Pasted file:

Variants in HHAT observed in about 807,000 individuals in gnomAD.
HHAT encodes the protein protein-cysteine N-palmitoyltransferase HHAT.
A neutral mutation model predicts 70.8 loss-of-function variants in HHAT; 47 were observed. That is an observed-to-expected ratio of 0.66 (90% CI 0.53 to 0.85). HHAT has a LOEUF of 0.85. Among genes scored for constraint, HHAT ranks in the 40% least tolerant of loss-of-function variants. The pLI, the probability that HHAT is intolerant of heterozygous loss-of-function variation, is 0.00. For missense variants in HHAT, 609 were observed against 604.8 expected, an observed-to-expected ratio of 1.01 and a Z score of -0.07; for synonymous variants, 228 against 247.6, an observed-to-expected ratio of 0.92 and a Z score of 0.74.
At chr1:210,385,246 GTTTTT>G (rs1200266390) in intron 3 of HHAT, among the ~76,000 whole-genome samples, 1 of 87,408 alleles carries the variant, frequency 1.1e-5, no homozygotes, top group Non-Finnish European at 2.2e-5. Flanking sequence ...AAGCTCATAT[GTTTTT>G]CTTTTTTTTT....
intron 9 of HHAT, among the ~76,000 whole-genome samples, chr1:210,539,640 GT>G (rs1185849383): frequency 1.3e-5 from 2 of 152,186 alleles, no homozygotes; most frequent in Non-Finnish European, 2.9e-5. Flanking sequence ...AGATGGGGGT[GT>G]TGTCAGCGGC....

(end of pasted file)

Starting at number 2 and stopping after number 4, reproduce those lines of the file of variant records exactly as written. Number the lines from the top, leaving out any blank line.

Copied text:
HHAT encodes the protein protein-cysteine N-palmitoyltransferase HHAT.
A neutral mutation model predicts 70.8 loss-of-function variants in HHAT; 47 were observed. That is an observed-to-expected ratio of 0.66 (90% CI 0.53 to 0.85). HHAT has a LOEUF of 0.85. Among genes scored for constraint, HHAT ranks in the 40% least tolerant of loss-of-function variants. The pLI, the probability that HHAT is intolerant of heterozygous loss-of-function variation, is 0.00. For missense variants in HHAT, 609 were observed against 604.8 expected, an observed-to-expected ratio of 1.01 and a Z score of -0.07; for synonymous variants, 228 against 247.6, an observed-to-expected ratio of 0.92 and a Z score of 0.74.
At chr1:210,385,246 GTTTTT>G (rs1200266390) in intron 3 of HHAT, among the ~76,000 whole-genome samples, 1 of 87,408 alleles carries the variant, frequency 1.1e-5, no homozygotes, top group Non-Finnish European at 2.2e-5. Flanking sequence ...AAGCTCATAT[GTTTTT>G]CTTTTTTTTT....